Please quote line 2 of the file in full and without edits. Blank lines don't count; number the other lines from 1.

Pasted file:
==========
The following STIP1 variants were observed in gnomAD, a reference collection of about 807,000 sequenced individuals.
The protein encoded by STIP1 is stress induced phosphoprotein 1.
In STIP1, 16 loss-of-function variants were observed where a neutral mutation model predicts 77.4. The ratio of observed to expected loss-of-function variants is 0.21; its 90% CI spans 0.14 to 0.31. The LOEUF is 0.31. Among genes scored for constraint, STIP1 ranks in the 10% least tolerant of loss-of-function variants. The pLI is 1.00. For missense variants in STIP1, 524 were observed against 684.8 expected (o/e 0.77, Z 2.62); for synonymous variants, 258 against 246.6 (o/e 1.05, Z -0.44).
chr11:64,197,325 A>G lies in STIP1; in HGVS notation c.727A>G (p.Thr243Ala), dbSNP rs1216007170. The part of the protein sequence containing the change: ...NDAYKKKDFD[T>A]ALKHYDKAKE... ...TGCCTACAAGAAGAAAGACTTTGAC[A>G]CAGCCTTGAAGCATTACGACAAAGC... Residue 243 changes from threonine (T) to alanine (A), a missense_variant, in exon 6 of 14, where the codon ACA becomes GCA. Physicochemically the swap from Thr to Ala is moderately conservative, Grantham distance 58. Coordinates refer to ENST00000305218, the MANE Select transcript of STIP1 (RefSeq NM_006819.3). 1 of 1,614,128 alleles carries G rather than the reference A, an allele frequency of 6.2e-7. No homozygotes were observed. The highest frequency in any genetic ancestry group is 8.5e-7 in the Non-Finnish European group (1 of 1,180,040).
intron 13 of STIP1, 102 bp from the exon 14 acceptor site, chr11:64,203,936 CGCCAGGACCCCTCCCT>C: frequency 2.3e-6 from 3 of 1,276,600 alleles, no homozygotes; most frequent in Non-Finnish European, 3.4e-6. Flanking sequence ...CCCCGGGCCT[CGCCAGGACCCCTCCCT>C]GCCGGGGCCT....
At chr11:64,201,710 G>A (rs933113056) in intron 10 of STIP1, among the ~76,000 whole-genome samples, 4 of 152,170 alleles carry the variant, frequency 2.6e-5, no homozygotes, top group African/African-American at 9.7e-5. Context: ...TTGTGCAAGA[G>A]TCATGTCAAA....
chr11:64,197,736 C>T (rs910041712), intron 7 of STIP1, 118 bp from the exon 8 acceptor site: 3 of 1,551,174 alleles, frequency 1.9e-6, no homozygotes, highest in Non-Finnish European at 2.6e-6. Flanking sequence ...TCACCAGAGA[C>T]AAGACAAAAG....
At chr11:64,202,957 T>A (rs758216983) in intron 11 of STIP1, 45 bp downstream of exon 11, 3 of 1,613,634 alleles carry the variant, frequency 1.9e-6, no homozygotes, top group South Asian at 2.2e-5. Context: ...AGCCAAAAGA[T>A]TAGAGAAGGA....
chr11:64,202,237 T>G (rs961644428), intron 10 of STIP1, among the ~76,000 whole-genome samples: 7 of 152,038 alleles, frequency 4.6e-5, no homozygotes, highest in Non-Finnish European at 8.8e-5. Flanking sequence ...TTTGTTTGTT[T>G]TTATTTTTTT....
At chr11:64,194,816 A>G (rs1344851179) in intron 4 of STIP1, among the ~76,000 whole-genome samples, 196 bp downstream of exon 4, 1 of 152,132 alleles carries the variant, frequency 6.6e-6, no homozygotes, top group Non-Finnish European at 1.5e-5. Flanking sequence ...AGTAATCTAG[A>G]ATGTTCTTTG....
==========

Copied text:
The protein encoded by STIP1 is stress induced phosphoprotein 1.